Japanese cities are special because of the way they combine modern, high-tech life with traditional culture and historical buildings. It can feel as though life has become fully urbanized. Like much of the world, young people move out of rural towns to explore the opportunities in large cities. But don’t be fooled – rural life in Japan still offers so much! Japan’s mountainous geography leaves it with less farmable land than flatter regions. Still, modern sustainable farms are surviving in tucked away towns all over the country. Recently, youth in Japan and all over the world have become interested in joining countryside life, and farmers are welcoming those who are curious about daily life on a Japanese farm.
I visited four farms in Japan this winter. Though each place was unique, the Japanese influence on rural living was clear through daily life.
About two hours out of Tokyo lies Yorii-Machi, Saitama. Tucked away from one of the main roads, where the traffic consists of delivery trucks driving through, is Kaijounuku Farms. I spent three weeks in December and January working there with Keiko-san and Tanaka-san .
When driving up to the front of the home, it seems like a small plot of land… but walk through the small bamboo forest and the farm opens up!
Keiko-san gets help with her four greenhouses and 300 chickens from a program called WWOOF. This program helps both tourists and Japanese people connect with farmers to volunteer and learn. She also has neighbors and friends coming and going, helping as they can and trading goods with each other.
Three cats roam the farm. The farmers hope they’ll catch mice… but really, they spend much more time hunting table scraps and sleeping under the kotatsu (heated table).
People tend to describe city life as fast, but that doesn’t mean working on a farm is relaxing! We started work every day at 8:00. Even in the winter, there was plenty to do. Sometimes there were special tasks, such as cleaning the greenhouse walls or coops. We usually spent the day weeding and planting, and spent the afternoons harvesting. Keiko-san takes care to plant a wide variety of vegetables, so there are in-season options all year round.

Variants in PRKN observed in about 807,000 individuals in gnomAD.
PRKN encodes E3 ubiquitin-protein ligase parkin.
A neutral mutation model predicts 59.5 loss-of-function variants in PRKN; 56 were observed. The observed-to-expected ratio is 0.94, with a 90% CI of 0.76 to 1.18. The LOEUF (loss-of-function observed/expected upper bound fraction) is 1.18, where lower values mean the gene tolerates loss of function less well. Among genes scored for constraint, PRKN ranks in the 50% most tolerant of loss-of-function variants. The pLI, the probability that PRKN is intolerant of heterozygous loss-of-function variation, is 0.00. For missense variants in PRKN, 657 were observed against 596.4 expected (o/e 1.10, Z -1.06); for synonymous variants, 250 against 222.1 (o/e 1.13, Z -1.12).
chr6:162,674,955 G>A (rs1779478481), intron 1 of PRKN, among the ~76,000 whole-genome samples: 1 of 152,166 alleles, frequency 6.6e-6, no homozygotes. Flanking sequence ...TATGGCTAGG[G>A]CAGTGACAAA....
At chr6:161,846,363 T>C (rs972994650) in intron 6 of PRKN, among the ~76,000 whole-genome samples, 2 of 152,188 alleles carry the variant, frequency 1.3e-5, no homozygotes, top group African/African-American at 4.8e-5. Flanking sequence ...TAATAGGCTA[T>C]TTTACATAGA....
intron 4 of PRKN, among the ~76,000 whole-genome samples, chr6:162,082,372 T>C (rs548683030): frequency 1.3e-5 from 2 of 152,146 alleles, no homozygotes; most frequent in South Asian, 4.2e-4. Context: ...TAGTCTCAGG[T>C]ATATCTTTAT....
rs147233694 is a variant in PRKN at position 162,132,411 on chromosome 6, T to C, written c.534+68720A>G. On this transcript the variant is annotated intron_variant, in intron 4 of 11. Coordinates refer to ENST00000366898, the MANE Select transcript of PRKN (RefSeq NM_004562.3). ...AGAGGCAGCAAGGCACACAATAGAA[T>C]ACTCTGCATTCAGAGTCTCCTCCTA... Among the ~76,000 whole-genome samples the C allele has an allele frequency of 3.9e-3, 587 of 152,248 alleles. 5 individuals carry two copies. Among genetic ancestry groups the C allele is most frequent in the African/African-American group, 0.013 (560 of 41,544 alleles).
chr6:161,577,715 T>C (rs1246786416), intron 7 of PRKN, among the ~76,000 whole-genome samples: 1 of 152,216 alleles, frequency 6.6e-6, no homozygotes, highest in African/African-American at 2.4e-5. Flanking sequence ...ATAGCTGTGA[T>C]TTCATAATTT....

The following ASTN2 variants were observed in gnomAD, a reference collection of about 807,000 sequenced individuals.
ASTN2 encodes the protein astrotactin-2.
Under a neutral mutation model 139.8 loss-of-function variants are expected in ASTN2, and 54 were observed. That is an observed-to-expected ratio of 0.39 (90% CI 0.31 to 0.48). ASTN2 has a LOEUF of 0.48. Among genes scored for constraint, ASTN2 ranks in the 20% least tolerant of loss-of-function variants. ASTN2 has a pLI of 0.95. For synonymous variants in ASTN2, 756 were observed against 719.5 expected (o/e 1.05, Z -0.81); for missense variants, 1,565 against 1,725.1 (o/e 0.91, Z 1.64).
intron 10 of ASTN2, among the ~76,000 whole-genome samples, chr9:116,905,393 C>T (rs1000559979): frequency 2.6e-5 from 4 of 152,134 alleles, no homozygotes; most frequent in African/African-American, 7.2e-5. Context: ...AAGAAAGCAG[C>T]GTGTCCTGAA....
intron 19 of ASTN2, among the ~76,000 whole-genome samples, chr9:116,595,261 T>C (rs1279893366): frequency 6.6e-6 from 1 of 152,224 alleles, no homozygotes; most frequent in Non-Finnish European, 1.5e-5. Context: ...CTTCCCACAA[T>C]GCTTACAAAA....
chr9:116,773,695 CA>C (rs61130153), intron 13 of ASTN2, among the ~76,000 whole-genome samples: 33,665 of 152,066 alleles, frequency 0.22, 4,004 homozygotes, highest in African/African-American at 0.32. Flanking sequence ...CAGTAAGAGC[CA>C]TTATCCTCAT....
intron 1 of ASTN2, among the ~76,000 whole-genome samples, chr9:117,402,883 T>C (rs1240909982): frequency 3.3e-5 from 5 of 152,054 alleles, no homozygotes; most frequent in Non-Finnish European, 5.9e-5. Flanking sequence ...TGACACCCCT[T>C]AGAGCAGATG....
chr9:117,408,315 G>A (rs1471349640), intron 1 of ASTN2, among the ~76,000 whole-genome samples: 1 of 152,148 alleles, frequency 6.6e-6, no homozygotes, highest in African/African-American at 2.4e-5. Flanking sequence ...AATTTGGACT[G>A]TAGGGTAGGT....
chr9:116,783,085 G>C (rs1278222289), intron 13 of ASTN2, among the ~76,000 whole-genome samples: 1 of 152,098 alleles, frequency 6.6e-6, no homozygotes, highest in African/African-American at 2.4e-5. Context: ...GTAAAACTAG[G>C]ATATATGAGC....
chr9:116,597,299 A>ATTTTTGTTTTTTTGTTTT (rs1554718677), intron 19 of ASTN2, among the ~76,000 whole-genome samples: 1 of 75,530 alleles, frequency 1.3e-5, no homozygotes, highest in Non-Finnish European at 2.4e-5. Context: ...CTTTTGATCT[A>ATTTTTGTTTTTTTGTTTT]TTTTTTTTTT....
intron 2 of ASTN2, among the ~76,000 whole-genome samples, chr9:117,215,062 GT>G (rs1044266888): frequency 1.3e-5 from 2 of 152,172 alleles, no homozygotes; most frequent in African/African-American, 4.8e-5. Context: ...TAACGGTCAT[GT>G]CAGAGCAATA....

Twice a day, we gather all the eggs! With hundreds of chickens living on the property, it can be a lively and slightly frightening task. Not all roosters are welcoming to guests! In the winter, we are able to collect about 100 eggs. Tanaka-san cleans them and packs them up.
Most of the vegetables are boxed up and delivered to clients. Tanaka-san will drive into the city to deliver farm fresh vegetables to people who can’t buy them easily. The farmers pay attention to more than just freshness. Tanaka-san and Keiko-san always check to make sure the shape looks goo, and that there are no blemishes. The vegetables are each cleaned individually by hand. We must take care not to do any damage. But that doesn’t mean perfectly good, misshapen food goes to waste! That produce is placed in Keiko-san’s kitchen.
In a small town where work is difficult and restaurants hard to come by, the daily ritual of cooking and eating food becomes even more important.
The tradition of tea drinking is maintained on the farm. At 10:00, no matter how busy the day, Keiko-san insists that her volunteers stop for a snack and a tea break.
Cooking is considered an important part of the daily schedule. Every meal includes her own vegetables, rice, homemade miso, flavored with traditional Japanese flavorings like cooking sake, mirin, and soy sauce.
Eating from their own land is important to Japanese farmers. Farming is a business, and of course, the customers and making money are always a priority when working the fields and harvesting crops. But to be a good farmer, Keiko-san must appreciate the flavors and textures of her own products, and help her volunteers understand them as well. We all could feel so much more connected with our work when we sat down to eat a simple feast every day.
My time at Kainoujuku ended on New Years. I have experienced three New Years Eves in Japan, in Tokyo and Kyoto. Every time, the events were fun, but crowded and overwhelming. New Years in a small farm town couldn’t be any more different.
From mid December to January first, friends and clients came to and from the farm with New Years gifts. Always, they were invited to sit for tea.
For the first time since I had arrived, Keiko-san and Tanaka-San took time off. They cooked, ate with family, and shopped for us to eat end of year soba. Before midnight, we walked to the small local shrine. There were about 50 people attending. Volunteers served delicious amazake (a sweet fermented rice drink) as the bells rang in the year.
70% of farmers in Japan are over 65 years old, and with the population shrinking and opportunities vanishing, it can be difficult for farming towns to find support. If you feel the call of the countryside someday, your trip to Japan doesn’t have to just be the large cities and famous shrines- the rural, daily life on a Japanese farm gives new insight to traditional Japanese culture.
If you’re keen to get away from the cities and experience rural Japan, contact our team for a chat and a host of options to make the most of your time here!